Lena Dunham‘s new HBO show, Girls, fits right into producer Judd Apatow‘s wheelhouse: it’s funny, awkward, honest, and never afraid to show characters at their ugliest. The lead, Hannah (Dunham), is a young 20-something looking for direction, similar to plenty of Apatow’s characters in TV and film. Hannah and her friends aren’t the nicest or the most admirable of characters, but they’re about as real as a group of friends can get.
Hannah is one of those phases that plenty of artists — such as Dunham and Apatow — could relate to: being young and struggling. In usual HBO fashion, Girls is a show that pushes the pain, never letting its characters off easy. That, amongst other topics, were discussed between Apatow, Dunham, and I the day after its terrific premiere at SXSW.
Here’s what Lena Dunham and Judd Apatow had to say about the movie-like structure of the show, writing vomit drafts, and personal comedy:
The first three episodes are somewhat painful to watch. Do you find it cathartic exploring these pretty uncomfortable — and possibly personal — situations?
Dunham: It’s incredibly satisfying to be able to tell stories like that and then also give it the ending that you couldn’t give it in real life because it was real life and you didn’t know what to do because everything terrible is happening at once. So yeah, I find it incredibly cathartic. And then you also have to sort of remove yourself from it a little bit and think about it as a story and not just your own personal demon exercising session.
So you do come up with a fantasy ending, like, “This is how it should have been”?
Dunham: I wish there was more, like, “This is how it should have ended.” I would have been taken in a carriage to a beautiful destination.” Just like, “This is how it should have been.” But it would have been even worse.
[Laughs] It’s interesting how the first three episodes play as standalone pieces. Is the whole structure of the first season like that?
Dunham: We sort of talked about it where we wanted each episode to almost feel like a little movie.
Apatow: Well, with a television show, you never know when people are going to see it for the first time, so you don’t want people to feel alienated by it if they happen to watch the third episode first. People always say the first few need to all feel like the first episode so you can catch up.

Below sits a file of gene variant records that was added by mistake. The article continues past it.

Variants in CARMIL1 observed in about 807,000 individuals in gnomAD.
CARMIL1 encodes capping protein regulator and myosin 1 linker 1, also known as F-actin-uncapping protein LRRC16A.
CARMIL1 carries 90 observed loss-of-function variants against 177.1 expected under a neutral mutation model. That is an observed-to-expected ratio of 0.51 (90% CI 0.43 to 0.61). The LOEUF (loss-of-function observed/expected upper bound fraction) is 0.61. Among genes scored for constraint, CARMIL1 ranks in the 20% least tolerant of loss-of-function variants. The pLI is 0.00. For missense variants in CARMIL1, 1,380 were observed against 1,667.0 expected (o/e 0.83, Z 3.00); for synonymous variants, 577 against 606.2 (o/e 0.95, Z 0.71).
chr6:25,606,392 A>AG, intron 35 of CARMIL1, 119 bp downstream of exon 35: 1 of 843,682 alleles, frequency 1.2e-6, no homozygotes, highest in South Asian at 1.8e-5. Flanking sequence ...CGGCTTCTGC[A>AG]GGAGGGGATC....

I remember I didn’t watch The Wire until years after it was off the air. But as I would turn on an episode, and I had never seen it before, and instantly I would go, “Oh, this is too complicated. I gotta start from the beginning. I don’t have enough time to catch up!” So we’re trying to avoid that trap a little bit, at least until Omar returns.
[Laughs] Did you go about Freaks and Geeks and Undeclared that way?
Apatow: Yeah. I remember the people at the network used to say even hardcore fans of the show only see one and four. [Laughs] I don’t know if that’s true anymore because people TiVo everything. But back then they used to say that.
I talked to Paul Feig a while ago. He said one of the complaints that he heard was that the show was too painful. Being on HBO, is there no limit to that? They really push pain on that network.
Apatow: They want more pain! They just want you to go deeper emotionally. With the network, they want it to be fantasy fulfillment, at least back then. That was 1999.
Dunham: They want it to be something that you could never imagine having happened on any other network.
Apatow: It also was the era of a lot of soap opera type shows with really good looking kids. So just to try to do a show about normal looking kids, real problems, and marijuana addictions, or Star Wars memorabilia addictions didn’t seem that sexy… [Laughs]
Dunham: Was Freaks and Geeks coming out like right around The O.C.?
Apatow: No, it was Dawson’s Creek. A little bit after Dawson’s Creek. There were a lot of shows like that at the time. So Paul just thought, “I’d like to see a show about what me and my friends were like.” That seemed like a shocking idea at the time. Now it doesn’t seem that way because I think he knocked on the door for a lot of types of TV shows. Also, there wasn’t much single camera television back then. Other than The Wonder Years, there was almost nothing on network television in terms of single camera comedy.
Would you ever hear on Freaks and Geeks, “Make this more like that one episode of Dawson’s Creek”?
Apatow: No, but it would say, “We’d like more eye candy,” things like that. Or, “Why can’t they win more? They need more victories.”
It’s all about failure.
Apatow: Yeah, that’s what we said. The show is about how you handle failure and how it bonds you with your friends.
Dunham: I was re-watching Dawson’s Creek for some reason and I just noticed that Dawson, who is supposed to be 15, literally…I know he was not old, but he literally looked 35. It was just like a 35-year-old…
Apatow: By the end, yeah. That happened on Freaks and Geeks where I started realizing what everyone’s true ages were, because a lot of people lied about how old they were to get the job. And I thought, “Wow. Five years in they are all going to be 30 years old. And are they still in high school…?” I guess Glee is contending with that at this point.
Dunham: Yeah, seriously.
[Laughs] Mr. Apatow, was the personal storytelling side of the show what appealed to you?